Princely favour being withdrawn, private rancour was free to show itself.
For offering these resolutions Giddings was attacked with rancour, and was formally censured by the House.
The old courtier Maurepas, jealous of Turgot and desirous of remaining a minister himself, refrained from defending his colleague; and when Turgot, who never knew how to give in, spoke of establishing assemblies of freeholders in the communes and the provinces, in order to relax the tension of over-centralization, Louis XVI., who never dared to pass from sentiment to action, sacrificed his minister to the rancour of the queen, as he had already sacrificed Malesherbes (1776).
These latter prudently made conces- Th M~4 sions: reducing the taille, sacrificing some of Louis XI.s Wr creatures to the rancour of the parlement, and restoring i.#&c. a certain number of offices or lands to the hostile princes (chief of whom was the duke of Orleans), and even consenting to a convocation of the states-general at Tours (1484).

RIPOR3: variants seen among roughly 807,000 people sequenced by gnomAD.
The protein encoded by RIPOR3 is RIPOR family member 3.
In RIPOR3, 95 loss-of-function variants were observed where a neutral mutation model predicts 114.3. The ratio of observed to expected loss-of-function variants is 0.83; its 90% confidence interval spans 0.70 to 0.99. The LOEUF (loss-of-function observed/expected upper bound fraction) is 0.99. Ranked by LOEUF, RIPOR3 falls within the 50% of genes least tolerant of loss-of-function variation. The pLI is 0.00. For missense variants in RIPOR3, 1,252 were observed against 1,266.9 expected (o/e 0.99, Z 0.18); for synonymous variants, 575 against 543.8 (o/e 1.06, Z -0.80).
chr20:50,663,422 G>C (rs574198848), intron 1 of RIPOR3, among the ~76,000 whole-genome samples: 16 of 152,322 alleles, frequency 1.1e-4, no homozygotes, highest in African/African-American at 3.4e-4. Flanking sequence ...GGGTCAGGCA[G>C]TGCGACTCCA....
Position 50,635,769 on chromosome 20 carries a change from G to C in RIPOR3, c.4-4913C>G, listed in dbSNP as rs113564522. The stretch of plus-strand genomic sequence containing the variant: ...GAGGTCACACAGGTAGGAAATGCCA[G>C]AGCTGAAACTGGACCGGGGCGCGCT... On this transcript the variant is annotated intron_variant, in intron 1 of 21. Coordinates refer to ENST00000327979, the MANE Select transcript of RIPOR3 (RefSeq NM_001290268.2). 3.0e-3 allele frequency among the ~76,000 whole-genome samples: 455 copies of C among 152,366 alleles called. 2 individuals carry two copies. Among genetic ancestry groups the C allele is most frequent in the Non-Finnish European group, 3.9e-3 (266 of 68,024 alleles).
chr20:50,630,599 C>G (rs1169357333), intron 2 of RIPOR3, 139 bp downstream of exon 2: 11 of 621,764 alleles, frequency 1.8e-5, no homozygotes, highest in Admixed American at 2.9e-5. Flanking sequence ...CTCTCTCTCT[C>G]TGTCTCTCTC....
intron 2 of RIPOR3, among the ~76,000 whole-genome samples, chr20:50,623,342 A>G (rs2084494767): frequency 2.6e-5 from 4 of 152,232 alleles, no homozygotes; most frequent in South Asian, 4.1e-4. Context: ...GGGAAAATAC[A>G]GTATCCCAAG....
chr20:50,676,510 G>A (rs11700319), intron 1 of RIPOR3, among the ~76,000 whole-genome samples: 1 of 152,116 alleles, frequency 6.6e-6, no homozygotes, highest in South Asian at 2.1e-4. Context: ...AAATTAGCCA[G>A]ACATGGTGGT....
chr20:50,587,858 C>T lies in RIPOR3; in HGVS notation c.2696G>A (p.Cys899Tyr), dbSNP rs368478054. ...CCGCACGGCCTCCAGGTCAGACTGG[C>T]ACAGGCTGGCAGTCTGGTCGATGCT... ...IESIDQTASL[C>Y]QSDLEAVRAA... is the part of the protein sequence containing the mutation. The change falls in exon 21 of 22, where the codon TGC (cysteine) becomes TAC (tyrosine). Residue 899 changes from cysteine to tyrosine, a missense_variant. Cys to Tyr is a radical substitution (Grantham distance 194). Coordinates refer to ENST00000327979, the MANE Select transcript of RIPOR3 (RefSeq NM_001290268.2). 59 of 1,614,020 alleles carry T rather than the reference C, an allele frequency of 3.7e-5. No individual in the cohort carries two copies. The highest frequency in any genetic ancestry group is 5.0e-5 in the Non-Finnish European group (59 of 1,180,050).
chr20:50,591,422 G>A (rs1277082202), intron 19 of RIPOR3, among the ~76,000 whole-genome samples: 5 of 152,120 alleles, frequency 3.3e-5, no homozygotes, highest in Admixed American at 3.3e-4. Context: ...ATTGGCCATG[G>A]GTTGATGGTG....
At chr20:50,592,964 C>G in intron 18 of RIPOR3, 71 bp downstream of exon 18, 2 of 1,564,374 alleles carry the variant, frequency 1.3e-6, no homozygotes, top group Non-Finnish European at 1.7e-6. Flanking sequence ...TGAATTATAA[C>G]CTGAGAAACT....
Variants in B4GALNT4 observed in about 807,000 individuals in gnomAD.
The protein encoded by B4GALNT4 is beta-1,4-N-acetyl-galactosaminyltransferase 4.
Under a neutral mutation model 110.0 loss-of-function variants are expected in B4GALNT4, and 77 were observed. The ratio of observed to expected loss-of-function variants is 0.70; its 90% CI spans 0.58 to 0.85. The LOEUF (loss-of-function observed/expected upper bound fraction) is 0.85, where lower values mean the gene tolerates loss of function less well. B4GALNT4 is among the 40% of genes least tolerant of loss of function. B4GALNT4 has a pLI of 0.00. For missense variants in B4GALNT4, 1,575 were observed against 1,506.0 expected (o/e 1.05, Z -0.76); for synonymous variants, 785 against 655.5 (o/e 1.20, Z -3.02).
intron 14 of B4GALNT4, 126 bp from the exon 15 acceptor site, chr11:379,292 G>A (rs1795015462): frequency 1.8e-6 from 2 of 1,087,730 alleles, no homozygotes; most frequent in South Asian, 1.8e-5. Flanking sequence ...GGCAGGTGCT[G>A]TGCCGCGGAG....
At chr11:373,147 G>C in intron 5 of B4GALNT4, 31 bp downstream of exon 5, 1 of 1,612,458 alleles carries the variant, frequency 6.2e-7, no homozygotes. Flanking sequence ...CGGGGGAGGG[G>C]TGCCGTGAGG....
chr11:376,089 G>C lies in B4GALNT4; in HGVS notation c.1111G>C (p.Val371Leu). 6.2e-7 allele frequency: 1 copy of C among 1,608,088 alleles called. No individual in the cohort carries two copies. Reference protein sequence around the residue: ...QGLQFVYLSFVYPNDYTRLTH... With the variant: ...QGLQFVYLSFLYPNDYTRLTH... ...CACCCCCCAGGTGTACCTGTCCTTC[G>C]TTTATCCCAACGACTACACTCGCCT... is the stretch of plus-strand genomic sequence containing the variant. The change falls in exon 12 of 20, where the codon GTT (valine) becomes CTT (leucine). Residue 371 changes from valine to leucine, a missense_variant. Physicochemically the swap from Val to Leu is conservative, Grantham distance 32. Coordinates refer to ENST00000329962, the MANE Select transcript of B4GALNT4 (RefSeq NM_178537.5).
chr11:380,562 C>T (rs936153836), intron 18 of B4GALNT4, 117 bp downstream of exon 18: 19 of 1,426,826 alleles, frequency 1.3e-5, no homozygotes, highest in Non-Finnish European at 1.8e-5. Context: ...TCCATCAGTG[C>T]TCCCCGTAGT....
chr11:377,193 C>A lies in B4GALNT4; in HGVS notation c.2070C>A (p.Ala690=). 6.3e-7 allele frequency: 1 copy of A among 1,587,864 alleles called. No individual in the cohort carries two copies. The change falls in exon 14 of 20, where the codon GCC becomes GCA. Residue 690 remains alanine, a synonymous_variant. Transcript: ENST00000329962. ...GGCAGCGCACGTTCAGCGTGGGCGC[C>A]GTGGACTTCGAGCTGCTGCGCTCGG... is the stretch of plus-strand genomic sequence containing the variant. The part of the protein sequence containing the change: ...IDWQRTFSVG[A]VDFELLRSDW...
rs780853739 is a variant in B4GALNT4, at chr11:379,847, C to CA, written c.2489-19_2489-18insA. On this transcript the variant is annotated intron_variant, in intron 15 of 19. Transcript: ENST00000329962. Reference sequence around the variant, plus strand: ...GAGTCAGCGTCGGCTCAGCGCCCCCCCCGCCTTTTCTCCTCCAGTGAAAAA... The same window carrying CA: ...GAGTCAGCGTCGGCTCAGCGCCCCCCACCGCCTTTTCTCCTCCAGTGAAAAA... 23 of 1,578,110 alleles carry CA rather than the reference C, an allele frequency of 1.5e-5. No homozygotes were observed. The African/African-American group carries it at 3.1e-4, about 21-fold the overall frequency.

He was the very opposite of Richelieu, as wheedling in his ways as the other had been haughty and scornful, as devoid of vanity and rancour as Richelieu had been full of jealous care for his authority; he was gentle where the other had been passionate and irritable, with an intelligence as great and more supple, and a far more grasping nature.